The Scleroderma Research Foundation (SRF) is a non-profit, 501(c)(3) organization based in San Francisco. The SRF mission is to fund and facilitate the most promising, highest quality research aimed at improved therapies and, ultimately, a cure for scleroderma. The SRF which operates the most powerful scleroderma research program in the country is led by a committed Board including comedian Bob Saget and celebrity chef Susan Feniger – of whom many have been personally affected by scleroderma.
Scleroderma (or systemic sclerosis) is a chronic autoimmune disease and patients suffering from scleroderma can have a range of symptoms and complications. The disease can affect vital organs such as the kidneys, lungs and heart and can also lead to disfiguring facial changes, weight loss, loss of hand function and other impairment that leads to a severe degradation of quality of life and death. The cause remains undetermined and currently, there is no cure for scleroderma. Approximately 80,000 Americans are affected, with a multiple of that number affected worldwide.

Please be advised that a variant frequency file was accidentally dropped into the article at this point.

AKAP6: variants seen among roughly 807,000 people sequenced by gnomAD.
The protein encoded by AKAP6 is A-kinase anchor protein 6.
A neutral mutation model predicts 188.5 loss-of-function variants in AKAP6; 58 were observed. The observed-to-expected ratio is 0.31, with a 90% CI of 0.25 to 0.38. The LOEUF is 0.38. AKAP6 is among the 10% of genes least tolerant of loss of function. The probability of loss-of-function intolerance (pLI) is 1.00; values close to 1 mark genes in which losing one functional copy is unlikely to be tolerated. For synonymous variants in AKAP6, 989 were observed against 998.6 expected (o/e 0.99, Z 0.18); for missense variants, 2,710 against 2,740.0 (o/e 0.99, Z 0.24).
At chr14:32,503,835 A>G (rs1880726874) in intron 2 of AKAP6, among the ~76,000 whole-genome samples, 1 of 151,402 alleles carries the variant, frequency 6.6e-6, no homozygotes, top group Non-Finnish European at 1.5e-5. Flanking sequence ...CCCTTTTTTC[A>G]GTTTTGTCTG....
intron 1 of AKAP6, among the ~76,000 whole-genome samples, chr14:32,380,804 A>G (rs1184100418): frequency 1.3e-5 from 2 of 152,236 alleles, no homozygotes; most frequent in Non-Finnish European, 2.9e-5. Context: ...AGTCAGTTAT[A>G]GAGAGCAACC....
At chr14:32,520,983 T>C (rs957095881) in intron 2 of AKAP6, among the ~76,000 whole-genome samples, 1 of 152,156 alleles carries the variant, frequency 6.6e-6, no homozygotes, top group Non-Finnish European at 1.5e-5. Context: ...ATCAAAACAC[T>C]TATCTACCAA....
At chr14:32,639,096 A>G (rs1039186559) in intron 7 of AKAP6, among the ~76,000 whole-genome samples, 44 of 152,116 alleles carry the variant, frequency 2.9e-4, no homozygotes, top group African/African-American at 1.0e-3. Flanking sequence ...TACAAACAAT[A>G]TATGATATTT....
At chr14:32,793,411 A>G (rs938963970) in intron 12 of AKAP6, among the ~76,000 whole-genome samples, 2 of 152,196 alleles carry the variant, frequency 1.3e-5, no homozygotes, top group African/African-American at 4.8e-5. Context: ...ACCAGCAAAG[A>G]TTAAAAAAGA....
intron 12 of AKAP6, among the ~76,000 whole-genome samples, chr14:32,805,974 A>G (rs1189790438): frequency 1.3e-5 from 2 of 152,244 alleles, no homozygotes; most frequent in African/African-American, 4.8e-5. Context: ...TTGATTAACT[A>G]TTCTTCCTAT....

The SRF in collaboration with 12 of America’s top medical research centers announces the launch of CONQUER: the first-ever national, longitudinal patient registry for those suffering from scleroderma.
CONQUER will collect a detailed clinical dataset and blood from thousands of early-stage patients, each followed over several years. This rich database and biorepository will be fundamental to advancing current research and to improving patient care — with the aim of finding a cure for this chronic disease.
“We are thrilled by the significant support and innovation this collaboration will bring to our efforts to eradicate scleroderma,” states Luke Evnin, Ph.D., Chairman of the SRF Board of Directors. Dr. Evnin is a scleroderma patient and a biotech venture capitalist and has been integral in making CONQUER a reality.
“No one should have to suffer as my sister Gay did and I believe collecting robust patient data across the country is a key step to better understanding this horrific disease,” Bob Saget stated in regard to his sister who passed away from complications of scleroderma in 1994.